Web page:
Excavate pools (without planting)
Overall effectiveness category Unknown effectiveness (limited evidence)
Number of studies: 2
Background information and definitions
Peatlands may contain permanent pools which contribute to habitat diversity. However, these pools can be lost following drainage, peat harvesting or drought (Beadle et al. 2015). Pools may also be filled in naturally as vegetation develops and peat accumulates, so they may need to be re-excavated to maintain certain communities (van Diggelen et al. 1996). This section considers excavating pools in peatlands, then leaving vegetation to naturally recolonize.
Key peatland types where this action may be appropriate: bogs, fens/fen meadows, tropical peat swamps.
Related actions: rewetting, which may need to be done to fill created pools; introduce peatland vegetation, including introductions into created pools i.e. planting mosses, planting herbs, spreading moss fragments or spreading mixed vegetation fragments.
Beadle J.M., Brown L.E. & Holden J. (2015) Biodiversity and ecosystem functioning in natural bog pools and those created by rewetting schemes. WIREs Water, 2, 65–84.
van Diggelen R., Molenaar W.J. & Kooijman A.M. (1996) Vegetation succession in a floating mire in relation to management and hydrology. Journal of Vegetation Science, 7, 809–820.
Supporting evidence from individual studies
A replicated, before-and-after, site comparison study in 1999–2003 in four bogs in eastern Canada (Mazerolle et al. 2006) found that created pools developed vegetation cover within four years, but reported that this remained lower than cover in and around natural pools. Initially, the created pools contained no vegetation. After four years, Sphagnum moss cover had increased to 9% (vs 80% in natural pools), herb cover had increased to 5% (natural: 10%) and shrub cover had increased to 5% (natural: 27%). Comparisons with natural pools were not tested for statistical significance. In 1999, four 6 x 8.5 m pools were created in one historically mined bog by excavating and rewetting (blocking drainage ditches and building embankments). No vegetation was introduced to these, although the surrounding site was sown with bog vegetation fragments. In 2003, vegetation cover was recorded in 36 quadrats/pool, each 30 x 30 cm, along six bank-to-bank transects. Vegetation cover of 70 natural pools, in unmined parts of nearby bogs, was recorded in 1999 and 2000. This study was based on the same experimental set-up as (2).Study and other actions tested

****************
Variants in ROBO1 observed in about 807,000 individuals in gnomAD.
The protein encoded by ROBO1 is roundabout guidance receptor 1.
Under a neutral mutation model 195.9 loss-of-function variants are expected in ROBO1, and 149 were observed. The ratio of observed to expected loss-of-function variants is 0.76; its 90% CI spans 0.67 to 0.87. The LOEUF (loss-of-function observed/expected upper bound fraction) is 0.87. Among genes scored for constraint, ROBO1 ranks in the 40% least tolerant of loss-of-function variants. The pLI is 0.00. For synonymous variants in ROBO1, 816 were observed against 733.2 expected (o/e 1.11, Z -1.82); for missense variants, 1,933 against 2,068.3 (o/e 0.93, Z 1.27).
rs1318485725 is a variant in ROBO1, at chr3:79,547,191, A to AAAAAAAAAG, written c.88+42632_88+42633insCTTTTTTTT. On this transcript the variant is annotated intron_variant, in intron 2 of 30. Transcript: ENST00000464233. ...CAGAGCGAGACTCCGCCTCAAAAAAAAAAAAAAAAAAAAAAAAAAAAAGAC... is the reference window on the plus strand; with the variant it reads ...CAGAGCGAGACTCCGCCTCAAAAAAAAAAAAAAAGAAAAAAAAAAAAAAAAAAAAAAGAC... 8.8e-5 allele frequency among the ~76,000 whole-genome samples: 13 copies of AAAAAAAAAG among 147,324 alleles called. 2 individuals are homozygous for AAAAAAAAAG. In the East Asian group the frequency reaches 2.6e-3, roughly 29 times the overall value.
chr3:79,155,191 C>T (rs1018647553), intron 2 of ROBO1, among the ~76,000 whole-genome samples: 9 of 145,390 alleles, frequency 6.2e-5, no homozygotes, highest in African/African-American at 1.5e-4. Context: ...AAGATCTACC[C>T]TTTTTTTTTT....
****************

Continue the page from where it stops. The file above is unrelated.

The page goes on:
A replicated, before-and-after, site comparison study in 1999–2005 in seven bogs in Quebec, Canada (Fontaine et al. 2007) reported that created pools developed a different plant community to natural pools, but with similar species richness. After six years, the overall composition of the plant community differed between created and natural pools (data reported as a turnover index and graphical analysis). In particular, cattail Typha latifolia was more frequent in created pools (occurring in 69% of quadrats) than natural pools (0% of quadrats). Sphagnum mosses, Eriophorum cottongrasses and Carex sedges were sometimes more abundant in restored pools and sometimes less abundant, depending on the species (see original paper). Created and natural pools both contained 24 plant species/0.5 m2. In 1999, four 6 x 12 m pools were created in a historically mined bog by excavating and rewetting (blocking drainage ditches and building embankments). In 2005, cover of every plant species was estimated in 0.5 m2 quadrats situated on pool margins: 12 quadrats around the created pools and 30 around pools in each of six natural, unmined bogs. This study was based on the same experimental set-up as (1).Study and other actions tested